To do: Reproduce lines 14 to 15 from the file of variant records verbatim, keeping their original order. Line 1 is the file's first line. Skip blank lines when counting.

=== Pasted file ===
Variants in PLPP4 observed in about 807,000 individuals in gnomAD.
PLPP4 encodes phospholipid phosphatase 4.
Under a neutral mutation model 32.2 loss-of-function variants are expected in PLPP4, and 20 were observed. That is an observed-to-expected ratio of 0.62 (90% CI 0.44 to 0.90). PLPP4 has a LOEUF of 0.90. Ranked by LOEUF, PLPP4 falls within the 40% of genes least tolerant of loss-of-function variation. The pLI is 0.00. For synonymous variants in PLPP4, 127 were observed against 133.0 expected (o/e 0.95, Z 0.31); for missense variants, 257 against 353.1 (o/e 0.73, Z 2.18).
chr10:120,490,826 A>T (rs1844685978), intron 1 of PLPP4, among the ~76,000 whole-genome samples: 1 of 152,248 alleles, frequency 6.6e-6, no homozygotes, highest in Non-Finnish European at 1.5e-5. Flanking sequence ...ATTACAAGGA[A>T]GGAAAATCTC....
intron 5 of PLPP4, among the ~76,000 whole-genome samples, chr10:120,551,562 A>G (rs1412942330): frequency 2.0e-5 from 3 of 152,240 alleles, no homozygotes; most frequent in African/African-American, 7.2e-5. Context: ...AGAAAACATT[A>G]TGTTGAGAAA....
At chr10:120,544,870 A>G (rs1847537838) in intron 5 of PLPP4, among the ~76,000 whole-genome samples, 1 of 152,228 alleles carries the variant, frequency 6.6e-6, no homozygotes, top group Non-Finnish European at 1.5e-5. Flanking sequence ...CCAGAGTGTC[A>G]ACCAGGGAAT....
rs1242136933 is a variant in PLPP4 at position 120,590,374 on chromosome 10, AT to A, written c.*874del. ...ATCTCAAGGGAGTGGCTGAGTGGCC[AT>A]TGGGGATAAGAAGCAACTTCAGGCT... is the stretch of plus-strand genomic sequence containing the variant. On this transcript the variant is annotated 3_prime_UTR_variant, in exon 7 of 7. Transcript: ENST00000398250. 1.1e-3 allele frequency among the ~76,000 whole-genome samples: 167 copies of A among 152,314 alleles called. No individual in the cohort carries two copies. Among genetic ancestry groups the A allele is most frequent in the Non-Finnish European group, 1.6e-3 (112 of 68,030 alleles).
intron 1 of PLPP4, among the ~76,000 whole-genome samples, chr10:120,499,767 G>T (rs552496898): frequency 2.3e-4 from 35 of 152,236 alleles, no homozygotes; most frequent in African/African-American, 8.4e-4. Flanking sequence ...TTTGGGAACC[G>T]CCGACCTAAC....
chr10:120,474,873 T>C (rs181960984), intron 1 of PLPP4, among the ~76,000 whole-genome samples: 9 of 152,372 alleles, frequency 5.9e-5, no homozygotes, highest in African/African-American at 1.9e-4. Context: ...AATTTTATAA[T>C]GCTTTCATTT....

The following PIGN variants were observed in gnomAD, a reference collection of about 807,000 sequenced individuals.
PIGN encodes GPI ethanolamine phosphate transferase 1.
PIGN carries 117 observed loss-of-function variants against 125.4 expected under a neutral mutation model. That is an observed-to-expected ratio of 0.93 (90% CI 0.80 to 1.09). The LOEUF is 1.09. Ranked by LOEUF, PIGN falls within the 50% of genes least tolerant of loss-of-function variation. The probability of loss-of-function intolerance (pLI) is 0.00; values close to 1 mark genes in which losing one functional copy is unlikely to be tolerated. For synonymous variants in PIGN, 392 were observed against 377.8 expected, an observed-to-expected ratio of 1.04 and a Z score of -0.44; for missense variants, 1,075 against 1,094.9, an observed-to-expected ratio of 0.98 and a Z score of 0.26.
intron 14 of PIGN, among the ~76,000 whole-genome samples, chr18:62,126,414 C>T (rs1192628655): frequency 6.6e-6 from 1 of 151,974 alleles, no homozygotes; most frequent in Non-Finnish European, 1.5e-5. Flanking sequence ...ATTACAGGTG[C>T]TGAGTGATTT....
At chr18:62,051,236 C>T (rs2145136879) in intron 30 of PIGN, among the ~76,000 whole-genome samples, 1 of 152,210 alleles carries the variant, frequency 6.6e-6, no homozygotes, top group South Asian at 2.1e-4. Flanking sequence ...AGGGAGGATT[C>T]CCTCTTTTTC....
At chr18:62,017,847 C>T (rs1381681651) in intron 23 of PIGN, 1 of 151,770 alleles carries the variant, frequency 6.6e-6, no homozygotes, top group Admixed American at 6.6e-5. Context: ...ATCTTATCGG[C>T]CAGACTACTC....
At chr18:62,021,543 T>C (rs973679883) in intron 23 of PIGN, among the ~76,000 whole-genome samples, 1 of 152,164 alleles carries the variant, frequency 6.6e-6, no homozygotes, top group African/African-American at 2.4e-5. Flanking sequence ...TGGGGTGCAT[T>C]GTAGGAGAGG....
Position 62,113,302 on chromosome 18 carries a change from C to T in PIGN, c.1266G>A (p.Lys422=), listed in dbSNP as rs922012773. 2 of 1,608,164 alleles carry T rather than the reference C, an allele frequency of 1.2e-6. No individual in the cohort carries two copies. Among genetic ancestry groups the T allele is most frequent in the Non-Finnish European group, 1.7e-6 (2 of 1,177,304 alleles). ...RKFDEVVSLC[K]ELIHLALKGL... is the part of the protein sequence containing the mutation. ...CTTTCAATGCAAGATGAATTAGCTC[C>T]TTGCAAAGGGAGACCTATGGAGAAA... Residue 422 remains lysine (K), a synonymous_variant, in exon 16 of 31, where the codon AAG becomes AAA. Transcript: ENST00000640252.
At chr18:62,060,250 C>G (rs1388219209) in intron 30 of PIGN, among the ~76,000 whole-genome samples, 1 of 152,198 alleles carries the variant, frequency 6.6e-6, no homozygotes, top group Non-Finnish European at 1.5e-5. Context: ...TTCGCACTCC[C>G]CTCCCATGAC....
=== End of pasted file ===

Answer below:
At chr18:62,051,236 C>T (rs2145136879) in intron 30 of PIGN, among the ~76,000 whole-genome samples, 1 of 152,210 alleles carries the variant, frequency 6.6e-6, no homozygotes, top group South Asian at 2.1e-4. Flanking sequence ...AGGGAGGATT[C>T]CCTCTTTTTC....
At chr18:62,017,847 C>T (rs1381681651) in intron 23 of PIGN, 1 of 151,770 alleles carries the variant, frequency 6.6e-6, no homozygotes, top group Admixed American at 6.6e-5. Context: ...ATCTTATCGG[C>T]CAGACTACTC....